Willie Sutton’s Newspaper Tips
Willie Sutton, it’s said, robbed banks because that’s where the money was.
Which is the way newspapers ought to look at Facebook and Twitter: You need to set up shop there because they’re where the readers are.
For newspapers, wading into social media can feel like a bigger cultural change than going Web-first, or interacting with readers in discussion forums and comments. There are a lot of reasons for this reluctance. First of all, papers are struggling just to survive day-to-day amid a drumbeat of bad news. Culturally, there’s still some reluctance to come down from the mountain, to borrow yesterday’s metaphor. Strategically, there’s a worry that engaging social media will force overburdened papers to chase fads — after all, Friendster’s rule was usurped by MySpace, which was in turn thrown down by Facebook, and so it’s logical to assume that uneasy rests the social-media crown. (And what the heck’s Twitter?)
And there’s a problem of focus: Facebook and Twitter are for individuals, not entities, so what’s a paper to do? If individual reporters and editors reach out on Facebook and tweet, the outreach and the brand are fragmented. (And central control is lost.) On the other hand, it’s hard to convey any personality if the paper reaches out as a collective entity. Hard, but not impossible — look at what the Chicago Tribune has done with Colonel Tribune. Their “digital front man” has more than 9,500 Twitter followers and a cult following in the city. (At Mashable, Stuart Foster interviews Daniel Honigman, Tribune Interactive’s social-media strategist, about the project. All those Chicagoans wearing Colonel Tribune-style paper hats at a meetup? Clear evidence that the Tribune has a hit on its hands.)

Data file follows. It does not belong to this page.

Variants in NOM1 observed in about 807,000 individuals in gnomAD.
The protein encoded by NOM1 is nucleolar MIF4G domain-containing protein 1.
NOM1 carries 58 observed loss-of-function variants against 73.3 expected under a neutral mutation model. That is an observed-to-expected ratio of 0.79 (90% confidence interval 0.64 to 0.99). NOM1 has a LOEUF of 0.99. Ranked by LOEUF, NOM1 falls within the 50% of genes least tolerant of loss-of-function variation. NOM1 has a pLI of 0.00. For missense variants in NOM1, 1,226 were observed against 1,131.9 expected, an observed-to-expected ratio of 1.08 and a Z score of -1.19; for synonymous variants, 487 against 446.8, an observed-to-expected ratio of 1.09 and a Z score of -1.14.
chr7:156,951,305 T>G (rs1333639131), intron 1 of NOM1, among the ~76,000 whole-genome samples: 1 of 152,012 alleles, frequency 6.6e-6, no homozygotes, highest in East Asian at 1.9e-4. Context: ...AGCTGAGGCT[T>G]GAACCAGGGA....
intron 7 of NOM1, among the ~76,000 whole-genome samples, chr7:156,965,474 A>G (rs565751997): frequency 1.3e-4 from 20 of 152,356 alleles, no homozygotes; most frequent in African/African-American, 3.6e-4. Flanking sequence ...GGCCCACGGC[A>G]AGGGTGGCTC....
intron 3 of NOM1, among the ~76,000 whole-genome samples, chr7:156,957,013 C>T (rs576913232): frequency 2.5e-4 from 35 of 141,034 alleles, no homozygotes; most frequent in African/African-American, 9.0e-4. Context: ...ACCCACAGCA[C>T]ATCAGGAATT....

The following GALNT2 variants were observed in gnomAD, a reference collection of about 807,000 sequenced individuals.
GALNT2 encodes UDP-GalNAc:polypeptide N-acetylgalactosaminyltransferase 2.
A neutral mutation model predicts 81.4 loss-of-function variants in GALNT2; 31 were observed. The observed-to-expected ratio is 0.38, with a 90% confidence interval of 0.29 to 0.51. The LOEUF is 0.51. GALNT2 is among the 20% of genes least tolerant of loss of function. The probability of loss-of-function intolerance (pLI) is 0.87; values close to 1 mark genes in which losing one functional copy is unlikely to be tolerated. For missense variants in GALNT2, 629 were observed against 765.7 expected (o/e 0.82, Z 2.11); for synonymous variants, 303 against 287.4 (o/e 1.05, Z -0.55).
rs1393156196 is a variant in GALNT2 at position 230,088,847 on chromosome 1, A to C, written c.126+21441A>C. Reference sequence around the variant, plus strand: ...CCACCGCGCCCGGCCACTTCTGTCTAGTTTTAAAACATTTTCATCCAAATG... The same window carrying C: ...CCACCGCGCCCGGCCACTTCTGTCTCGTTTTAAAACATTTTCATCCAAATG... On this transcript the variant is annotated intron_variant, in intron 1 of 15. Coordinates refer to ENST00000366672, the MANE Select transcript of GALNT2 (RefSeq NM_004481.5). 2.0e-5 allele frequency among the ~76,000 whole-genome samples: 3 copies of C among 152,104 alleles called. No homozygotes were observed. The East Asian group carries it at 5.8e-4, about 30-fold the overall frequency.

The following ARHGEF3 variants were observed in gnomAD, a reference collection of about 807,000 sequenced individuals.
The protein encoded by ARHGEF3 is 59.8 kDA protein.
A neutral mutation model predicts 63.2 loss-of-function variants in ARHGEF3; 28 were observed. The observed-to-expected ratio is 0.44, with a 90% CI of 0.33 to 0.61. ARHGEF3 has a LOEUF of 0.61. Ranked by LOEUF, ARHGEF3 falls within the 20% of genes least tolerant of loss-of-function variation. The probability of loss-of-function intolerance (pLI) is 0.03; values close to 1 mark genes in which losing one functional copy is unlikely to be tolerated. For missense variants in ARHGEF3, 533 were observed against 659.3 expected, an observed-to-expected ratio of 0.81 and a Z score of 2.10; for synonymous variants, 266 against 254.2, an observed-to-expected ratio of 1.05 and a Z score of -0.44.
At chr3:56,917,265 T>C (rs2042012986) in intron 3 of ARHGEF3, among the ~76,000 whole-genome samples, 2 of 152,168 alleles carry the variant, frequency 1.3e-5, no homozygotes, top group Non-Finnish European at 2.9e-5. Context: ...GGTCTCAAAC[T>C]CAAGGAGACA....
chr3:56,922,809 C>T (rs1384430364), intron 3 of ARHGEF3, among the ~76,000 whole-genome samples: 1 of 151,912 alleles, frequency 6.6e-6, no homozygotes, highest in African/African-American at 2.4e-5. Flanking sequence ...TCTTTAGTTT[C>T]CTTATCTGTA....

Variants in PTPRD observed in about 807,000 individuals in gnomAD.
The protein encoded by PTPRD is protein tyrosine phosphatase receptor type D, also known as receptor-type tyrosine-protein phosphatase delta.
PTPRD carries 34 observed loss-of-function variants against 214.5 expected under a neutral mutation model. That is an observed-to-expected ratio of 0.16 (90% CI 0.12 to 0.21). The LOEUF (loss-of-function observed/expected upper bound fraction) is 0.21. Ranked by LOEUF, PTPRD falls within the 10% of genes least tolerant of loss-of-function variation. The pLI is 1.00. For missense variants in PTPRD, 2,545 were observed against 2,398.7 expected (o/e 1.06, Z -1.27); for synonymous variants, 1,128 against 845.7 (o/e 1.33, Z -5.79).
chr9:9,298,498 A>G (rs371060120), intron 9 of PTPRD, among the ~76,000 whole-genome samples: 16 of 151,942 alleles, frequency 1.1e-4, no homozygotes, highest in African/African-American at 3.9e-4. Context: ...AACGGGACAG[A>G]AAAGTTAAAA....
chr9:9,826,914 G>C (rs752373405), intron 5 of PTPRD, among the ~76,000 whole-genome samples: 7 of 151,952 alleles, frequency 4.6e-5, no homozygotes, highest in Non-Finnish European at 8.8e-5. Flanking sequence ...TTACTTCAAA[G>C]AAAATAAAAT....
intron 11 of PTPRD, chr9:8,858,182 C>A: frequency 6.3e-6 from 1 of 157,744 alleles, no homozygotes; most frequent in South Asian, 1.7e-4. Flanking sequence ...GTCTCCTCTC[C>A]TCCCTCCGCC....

One way or another, papers need to reach out. They need to experiment, and accept that that will mean some failures. Because social media is where the readers are — and where they’re already primed for a conversation. Joining that conversation will create relationships and help papers rebuild their communities of readers — which is the way forward for journalism in the digital age.
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